October 15, 2015
The Honorable John A. Boehner
U.S. House of Representatives
Washington, DC 20515
Dear Mr. Speaker:
I am writing to
follow up on my previous letters regarding the debt limit and to provide
additional information regarding the Department of the Treasury’s ability to
continue to finance the government.
On October 1, I
wrote to inform you that the extraordinary measures we have been employing to
preserve borrowing capacity likely would be exhausted on or about Thursday,
November 5. The letter noted,
however, that Treasury’s estimates are subject to inherent variability and
could change as we receive additional information. It is impossible to forecast thousands of
daily government transactions with precision.
The letter also noted that the trend in our projected net resources had
been negative in late September, which had reduced the projected amount of time
we could finance the government.
Accordingly, I cautioned that the ultimate date that Treasury exhausts
extraordinary measures could be sooner or later than November 5.
Over the past two
weeks, Treasury has continued to receive information about daily receipts,
investments, and expenditures. The trend
in our projected net resources has continued to be negative, and our
projections for the relevant period have declined an additional $4-6
billion. Based on our best and most
recent information, we now estimate that extraordinary measures will be
exhausted no later than Tuesday, November 3.
At that point, we expect Treasury would be left with less than $30
billion to meet all of the nation’s commitments—an amount far short of net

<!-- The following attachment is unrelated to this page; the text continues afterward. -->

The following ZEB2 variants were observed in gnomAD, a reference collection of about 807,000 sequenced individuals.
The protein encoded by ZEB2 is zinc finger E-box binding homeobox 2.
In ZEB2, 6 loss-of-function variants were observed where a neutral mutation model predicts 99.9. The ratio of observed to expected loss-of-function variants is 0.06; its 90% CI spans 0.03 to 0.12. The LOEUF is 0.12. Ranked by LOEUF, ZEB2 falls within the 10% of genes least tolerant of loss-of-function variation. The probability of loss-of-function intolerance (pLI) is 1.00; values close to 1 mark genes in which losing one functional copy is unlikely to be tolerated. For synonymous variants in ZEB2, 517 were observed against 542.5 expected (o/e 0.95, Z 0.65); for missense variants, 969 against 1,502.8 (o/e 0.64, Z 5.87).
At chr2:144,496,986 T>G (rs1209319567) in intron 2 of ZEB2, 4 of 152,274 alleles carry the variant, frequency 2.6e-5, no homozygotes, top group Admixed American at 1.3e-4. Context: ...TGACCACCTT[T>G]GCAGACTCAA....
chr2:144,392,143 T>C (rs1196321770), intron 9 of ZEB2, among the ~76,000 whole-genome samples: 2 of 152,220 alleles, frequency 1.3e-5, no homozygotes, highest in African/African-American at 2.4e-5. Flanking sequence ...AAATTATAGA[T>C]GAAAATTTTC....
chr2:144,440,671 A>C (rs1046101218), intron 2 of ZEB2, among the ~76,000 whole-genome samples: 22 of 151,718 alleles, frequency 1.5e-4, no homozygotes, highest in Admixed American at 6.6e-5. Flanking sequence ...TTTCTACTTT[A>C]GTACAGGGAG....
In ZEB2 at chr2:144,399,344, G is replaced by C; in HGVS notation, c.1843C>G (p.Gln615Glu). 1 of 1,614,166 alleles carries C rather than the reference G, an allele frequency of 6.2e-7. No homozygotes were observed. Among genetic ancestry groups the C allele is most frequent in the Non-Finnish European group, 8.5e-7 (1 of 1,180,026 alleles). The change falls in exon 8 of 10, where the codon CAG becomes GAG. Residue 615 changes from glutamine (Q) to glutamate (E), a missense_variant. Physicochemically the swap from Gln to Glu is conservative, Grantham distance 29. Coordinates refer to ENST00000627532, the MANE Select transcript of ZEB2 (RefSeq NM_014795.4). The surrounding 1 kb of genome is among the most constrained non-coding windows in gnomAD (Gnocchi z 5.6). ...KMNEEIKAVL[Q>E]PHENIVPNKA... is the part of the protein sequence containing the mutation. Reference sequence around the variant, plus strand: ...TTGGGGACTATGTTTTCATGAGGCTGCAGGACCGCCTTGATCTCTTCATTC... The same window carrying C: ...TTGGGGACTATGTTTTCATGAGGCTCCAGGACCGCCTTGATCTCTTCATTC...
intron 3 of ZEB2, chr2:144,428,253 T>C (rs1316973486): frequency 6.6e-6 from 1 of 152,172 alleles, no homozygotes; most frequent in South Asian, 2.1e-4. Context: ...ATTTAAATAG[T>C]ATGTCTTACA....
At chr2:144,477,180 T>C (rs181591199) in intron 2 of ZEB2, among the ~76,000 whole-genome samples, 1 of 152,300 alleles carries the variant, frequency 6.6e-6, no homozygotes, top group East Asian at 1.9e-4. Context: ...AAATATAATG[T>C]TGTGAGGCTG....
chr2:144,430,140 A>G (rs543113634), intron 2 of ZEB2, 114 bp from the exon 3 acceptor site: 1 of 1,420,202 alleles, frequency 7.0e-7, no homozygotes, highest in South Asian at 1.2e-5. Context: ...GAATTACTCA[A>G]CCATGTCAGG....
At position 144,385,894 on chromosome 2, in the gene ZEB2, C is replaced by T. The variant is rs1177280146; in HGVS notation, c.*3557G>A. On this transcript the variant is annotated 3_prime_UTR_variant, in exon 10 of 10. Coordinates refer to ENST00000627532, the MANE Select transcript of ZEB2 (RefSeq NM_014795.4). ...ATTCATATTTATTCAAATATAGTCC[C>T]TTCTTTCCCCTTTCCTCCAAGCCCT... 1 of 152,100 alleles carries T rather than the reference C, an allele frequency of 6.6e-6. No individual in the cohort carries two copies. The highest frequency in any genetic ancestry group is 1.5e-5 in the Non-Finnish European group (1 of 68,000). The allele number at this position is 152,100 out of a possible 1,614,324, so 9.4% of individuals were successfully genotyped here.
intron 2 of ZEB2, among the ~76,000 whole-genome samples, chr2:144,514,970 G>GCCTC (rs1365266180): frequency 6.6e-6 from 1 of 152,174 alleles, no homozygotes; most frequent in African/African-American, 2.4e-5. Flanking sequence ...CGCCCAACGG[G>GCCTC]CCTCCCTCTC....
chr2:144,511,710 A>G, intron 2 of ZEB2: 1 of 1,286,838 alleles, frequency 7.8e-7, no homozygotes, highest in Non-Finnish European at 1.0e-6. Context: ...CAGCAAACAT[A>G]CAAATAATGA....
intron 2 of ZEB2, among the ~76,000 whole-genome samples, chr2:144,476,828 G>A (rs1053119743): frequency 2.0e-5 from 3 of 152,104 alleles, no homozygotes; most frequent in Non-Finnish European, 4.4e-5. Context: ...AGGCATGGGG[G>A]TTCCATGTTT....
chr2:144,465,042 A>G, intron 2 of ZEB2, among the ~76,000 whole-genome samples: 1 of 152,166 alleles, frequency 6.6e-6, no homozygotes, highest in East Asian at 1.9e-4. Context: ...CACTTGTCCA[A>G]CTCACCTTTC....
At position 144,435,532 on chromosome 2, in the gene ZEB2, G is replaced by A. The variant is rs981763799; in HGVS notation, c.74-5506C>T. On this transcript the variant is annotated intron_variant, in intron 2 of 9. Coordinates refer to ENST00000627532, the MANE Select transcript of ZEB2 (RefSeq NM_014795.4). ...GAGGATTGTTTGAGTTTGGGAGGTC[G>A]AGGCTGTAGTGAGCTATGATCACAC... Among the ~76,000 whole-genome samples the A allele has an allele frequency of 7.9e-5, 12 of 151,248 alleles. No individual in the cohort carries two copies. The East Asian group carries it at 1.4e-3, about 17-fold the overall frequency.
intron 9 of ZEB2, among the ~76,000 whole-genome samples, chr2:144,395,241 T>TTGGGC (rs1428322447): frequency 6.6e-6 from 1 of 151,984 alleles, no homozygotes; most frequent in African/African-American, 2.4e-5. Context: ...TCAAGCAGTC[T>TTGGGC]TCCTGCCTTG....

expenditures on certain days, which can be as high as $60 billion.
Operating the United
States government with no borrowing authority, and with only the cash on hand
on a given day, would be profoundly irresponsible. As I wrote previously, we anticipate that a
remaining cash balance of less than $30 billion would be depleted quickly. In fact, we do not foresee any reasonable
scenario in which it would last for an extended period of time. The government makes approximately 80 million
payments a month, including Social Security and veteran benefits, military
salaries, Medicare reimbursements, and many others. In the absence of congressional action,
Treasury would be unable to satisfy all of these obligations for the first time
in the history of the United States.
In recent letters, I
also have cautioned that Treasury’s cash balance already has fallen below a
minimum prudent level of $150 billion.
Maintaining this minimum balance helps protect against potential market
interruptions, which in the past have been caused by events such as Hurricane Sandy
and the 9/11 terrorist attacks. It does
not increase the debt limit or alter the time we can continue to pay the
nation’s bills. Treasury’s cash balance
is now substantially below that minimum level.
of the United States is an essential component of our strength as a
nation. Protecting that strength is the
sole responsibility of Congress, because only Congress can extend the nation’s
borrowing authority. Moreover, as you
know, increasing the debt limit does not authorize any new spending. It simply allows Treasury to pay for
expenditures Congress already has approved, in full and on time.
For these reasons, I
respectfully urge Congress to take action as soon as possible, raise the debt
limit without delay, and remove an unnecessary threat to our economy. We have learned from the past that failing to
act until the last minute can cause serious harm to business and consumer
confidence, raise short-term borrowing costs for taxpayers, and negatively
impact the credit rating of the United States.
And there is no way to predict the irreparable damage that default would
have on global financial markets and the American people.
Jacob J. Lew
Identical letter sent to:
Honorable Nancy Pelosi, House Democratic Leader
Honorable Mitch McConnell, Senate Majority Leader
Honorable Harry Reid, Senate Democratic Leader
Honorable Paul Ryan, Chairman, House Committee on Ways and Means
Honorable Sander M. Levin, Ranking Member, House Committee on Ways and Means
Honorable Orrin G. Hatch, Chairman, Senate Committee on Finance
Ron Wyden, Ranking Member, Senate Committee on Finance
Members of the 114th Congress